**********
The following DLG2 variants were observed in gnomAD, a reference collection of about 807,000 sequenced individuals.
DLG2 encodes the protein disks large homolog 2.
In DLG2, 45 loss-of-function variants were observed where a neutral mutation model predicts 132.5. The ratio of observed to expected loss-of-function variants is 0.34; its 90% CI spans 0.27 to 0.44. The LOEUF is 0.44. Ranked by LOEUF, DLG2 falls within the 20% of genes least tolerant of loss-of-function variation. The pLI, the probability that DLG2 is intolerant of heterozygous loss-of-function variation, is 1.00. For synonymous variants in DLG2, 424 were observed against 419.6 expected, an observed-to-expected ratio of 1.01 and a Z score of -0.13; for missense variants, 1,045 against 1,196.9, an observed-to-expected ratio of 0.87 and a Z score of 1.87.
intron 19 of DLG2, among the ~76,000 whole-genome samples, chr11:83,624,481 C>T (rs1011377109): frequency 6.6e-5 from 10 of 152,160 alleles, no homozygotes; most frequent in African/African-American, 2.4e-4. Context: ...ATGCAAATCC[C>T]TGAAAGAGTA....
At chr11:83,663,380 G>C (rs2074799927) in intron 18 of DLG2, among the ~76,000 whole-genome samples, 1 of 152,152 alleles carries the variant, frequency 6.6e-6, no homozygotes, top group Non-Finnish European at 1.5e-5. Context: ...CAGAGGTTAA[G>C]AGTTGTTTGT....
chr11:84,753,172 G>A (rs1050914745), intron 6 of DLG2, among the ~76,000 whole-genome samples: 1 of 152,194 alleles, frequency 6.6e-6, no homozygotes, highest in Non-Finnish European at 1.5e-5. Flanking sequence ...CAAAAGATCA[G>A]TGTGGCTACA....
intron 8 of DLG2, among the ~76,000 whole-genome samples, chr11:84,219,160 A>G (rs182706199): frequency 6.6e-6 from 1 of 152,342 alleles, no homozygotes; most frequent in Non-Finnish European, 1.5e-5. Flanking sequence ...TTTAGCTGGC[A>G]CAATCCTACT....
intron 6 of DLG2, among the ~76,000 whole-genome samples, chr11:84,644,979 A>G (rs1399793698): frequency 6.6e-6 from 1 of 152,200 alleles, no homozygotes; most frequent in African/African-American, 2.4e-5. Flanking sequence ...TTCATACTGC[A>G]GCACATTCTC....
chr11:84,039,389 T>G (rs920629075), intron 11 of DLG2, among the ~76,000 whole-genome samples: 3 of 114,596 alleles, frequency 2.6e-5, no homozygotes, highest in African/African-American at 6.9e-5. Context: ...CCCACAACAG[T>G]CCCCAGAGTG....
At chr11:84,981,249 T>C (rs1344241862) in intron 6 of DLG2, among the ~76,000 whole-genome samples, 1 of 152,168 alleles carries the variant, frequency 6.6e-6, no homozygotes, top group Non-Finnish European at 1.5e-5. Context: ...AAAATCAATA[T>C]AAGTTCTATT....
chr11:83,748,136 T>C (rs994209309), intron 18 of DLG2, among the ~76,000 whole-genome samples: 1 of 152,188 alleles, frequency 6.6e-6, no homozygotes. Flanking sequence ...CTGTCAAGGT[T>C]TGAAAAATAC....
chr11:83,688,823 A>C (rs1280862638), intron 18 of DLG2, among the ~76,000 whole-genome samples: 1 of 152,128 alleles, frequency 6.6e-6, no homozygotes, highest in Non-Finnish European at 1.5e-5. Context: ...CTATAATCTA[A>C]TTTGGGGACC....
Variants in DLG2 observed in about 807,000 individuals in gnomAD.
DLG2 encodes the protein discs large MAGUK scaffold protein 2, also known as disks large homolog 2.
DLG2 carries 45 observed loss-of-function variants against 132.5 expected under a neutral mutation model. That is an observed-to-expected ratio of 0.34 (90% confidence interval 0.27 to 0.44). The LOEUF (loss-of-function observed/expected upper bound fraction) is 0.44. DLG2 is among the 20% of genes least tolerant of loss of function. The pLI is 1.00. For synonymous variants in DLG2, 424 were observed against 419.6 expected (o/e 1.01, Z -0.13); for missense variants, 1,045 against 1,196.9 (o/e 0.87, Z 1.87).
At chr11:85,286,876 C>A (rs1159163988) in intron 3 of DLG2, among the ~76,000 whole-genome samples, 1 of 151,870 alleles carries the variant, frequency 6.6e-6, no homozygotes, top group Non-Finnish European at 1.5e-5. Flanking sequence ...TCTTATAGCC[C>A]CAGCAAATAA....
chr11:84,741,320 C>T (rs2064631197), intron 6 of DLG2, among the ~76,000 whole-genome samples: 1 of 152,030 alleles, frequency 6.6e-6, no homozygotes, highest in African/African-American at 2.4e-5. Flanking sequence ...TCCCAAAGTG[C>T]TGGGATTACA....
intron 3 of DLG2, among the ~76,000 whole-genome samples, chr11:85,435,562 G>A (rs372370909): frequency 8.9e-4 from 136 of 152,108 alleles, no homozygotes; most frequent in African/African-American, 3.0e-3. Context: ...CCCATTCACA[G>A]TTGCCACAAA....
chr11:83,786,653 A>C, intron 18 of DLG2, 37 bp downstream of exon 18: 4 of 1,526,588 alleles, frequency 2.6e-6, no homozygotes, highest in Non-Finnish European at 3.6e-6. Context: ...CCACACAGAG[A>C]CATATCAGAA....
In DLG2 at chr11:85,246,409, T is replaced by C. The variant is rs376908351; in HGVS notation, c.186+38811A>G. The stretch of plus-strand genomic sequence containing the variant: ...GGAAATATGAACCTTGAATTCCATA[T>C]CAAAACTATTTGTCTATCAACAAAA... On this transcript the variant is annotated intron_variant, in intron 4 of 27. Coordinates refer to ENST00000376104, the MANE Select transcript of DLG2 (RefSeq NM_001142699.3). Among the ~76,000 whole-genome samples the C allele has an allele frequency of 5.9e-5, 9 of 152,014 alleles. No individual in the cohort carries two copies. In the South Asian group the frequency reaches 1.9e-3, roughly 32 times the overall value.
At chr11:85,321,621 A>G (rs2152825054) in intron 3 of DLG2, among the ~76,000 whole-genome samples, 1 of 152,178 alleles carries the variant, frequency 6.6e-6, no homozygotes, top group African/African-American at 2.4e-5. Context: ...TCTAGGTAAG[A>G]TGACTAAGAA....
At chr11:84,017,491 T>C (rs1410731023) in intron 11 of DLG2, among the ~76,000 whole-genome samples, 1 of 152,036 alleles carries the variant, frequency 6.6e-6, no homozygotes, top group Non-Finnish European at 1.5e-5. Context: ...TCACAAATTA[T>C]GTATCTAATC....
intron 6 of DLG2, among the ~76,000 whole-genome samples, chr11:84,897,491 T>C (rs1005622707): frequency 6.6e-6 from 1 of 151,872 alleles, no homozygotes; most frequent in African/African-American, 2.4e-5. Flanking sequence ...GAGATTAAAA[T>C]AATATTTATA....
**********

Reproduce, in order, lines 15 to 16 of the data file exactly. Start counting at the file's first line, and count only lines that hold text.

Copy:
DLG2 carries 45 observed loss-of-function variants against 132.5 expected under a neutral mutation model. That is an observed-to-expected ratio of 0.34 (90% confidence interval 0.27 to 0.44). The LOEUF (loss-of-function observed/expected upper bound fraction) is 0.44. DLG2 is among the 20% of genes least tolerant of loss of function. The pLI is 1.00. For synonymous variants in DLG2, 424 were observed against 419.6 expected (o/e 1.01, Z -0.13); for missense variants, 1,045 against 1,196.9 (o/e 0.87, Z 1.87).
At chr11:85,286,876 C>A (rs1159163988) in intron 3 of DLG2, among the ~76,000 whole-genome samples, 1 of 151,870 alleles carries the variant, frequency 6.6e-6, no homozygotes, top group Non-Finnish European at 1.5e-5. Flanking sequence ...TCTTATAGCC[C>A]CAGCAAATAA....